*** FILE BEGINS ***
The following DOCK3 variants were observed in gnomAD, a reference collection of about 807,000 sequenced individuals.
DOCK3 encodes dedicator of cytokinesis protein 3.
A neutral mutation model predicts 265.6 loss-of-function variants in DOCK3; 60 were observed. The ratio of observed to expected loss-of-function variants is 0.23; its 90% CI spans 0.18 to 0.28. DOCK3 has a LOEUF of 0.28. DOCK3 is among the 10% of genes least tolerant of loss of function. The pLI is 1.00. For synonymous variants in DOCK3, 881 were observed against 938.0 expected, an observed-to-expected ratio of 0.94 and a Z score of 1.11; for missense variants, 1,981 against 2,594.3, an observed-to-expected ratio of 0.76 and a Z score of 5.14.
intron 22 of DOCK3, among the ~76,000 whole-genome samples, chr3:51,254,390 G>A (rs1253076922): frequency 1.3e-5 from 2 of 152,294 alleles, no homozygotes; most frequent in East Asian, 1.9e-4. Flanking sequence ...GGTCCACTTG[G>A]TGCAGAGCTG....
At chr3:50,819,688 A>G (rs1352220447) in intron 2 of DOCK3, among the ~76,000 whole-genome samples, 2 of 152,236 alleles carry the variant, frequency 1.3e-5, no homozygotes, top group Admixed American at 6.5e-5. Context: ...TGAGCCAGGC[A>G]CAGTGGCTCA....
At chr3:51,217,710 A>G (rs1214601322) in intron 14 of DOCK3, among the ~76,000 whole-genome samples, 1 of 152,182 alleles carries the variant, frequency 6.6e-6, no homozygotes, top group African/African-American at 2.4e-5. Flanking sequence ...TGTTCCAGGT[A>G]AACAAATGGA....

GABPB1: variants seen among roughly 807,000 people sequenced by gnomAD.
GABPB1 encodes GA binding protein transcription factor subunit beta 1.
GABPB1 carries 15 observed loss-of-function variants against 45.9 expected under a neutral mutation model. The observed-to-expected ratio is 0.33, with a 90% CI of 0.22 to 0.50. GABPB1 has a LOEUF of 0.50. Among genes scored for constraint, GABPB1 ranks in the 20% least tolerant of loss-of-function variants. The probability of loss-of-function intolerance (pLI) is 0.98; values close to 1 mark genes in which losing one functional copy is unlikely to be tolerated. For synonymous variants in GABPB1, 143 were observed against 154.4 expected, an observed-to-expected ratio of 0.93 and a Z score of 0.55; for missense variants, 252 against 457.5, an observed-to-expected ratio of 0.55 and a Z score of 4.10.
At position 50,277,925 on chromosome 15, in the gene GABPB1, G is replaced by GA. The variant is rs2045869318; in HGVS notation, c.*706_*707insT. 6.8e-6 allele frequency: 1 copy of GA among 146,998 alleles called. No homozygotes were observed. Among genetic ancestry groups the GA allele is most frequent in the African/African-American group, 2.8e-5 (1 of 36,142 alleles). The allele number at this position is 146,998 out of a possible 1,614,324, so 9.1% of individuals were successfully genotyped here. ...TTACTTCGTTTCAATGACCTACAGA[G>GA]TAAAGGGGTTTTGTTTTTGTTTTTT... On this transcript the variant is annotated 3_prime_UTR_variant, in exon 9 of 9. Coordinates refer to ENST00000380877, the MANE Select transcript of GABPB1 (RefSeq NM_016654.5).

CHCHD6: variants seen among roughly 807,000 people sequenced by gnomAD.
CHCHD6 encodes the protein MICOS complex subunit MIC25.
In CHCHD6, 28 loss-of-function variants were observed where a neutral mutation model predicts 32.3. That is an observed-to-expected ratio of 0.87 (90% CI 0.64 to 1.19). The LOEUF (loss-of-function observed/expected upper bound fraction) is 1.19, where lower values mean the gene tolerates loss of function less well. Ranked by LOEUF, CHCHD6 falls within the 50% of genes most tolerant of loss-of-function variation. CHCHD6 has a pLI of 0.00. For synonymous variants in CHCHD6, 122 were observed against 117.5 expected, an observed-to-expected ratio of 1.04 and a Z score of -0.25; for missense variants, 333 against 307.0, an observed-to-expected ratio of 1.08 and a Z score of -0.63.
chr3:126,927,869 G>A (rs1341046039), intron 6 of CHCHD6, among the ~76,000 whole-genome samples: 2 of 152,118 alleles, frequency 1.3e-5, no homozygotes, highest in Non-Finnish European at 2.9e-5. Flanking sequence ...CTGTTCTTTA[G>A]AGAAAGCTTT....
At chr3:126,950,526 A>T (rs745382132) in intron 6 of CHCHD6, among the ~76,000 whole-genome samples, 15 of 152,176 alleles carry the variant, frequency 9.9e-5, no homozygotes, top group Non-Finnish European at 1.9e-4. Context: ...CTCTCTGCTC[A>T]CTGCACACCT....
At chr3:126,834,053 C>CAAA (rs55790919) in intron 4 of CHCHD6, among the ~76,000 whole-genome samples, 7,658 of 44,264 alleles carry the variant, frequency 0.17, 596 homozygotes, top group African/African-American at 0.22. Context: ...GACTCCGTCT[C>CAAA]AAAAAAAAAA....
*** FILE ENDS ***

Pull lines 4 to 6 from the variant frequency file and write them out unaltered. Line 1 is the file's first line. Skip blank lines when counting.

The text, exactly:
intron 22 of DOCK3, among the ~76,000 whole-genome samples, chr3:51,254,390 G>A (rs1253076922): frequency 1.3e-5 from 2 of 152,294 alleles, no homozygotes; most frequent in East Asian, 1.9e-4. Flanking sequence ...GGTCCACTTG[G>A]TGCAGAGCTG....
At chr3:50,819,688 A>G (rs1352220447) in intron 2 of DOCK3, among the ~76,000 whole-genome samples, 2 of 152,236 alleles carry the variant, frequency 1.3e-5, no homozygotes, top group Admixed American at 6.5e-5. Context: ...TGAGCCAGGC[A>G]CAGTGGCTCA....
At chr3:51,217,710 A>G (rs1214601322) in intron 14 of DOCK3, among the ~76,000 whole-genome samples, 1 of 152,182 alleles carries the variant, frequency 6.6e-6, no homozygotes, top group African/African-American at 2.4e-5. Flanking sequence ...TGTTCCAGGT[A>G]AACAAATGGA....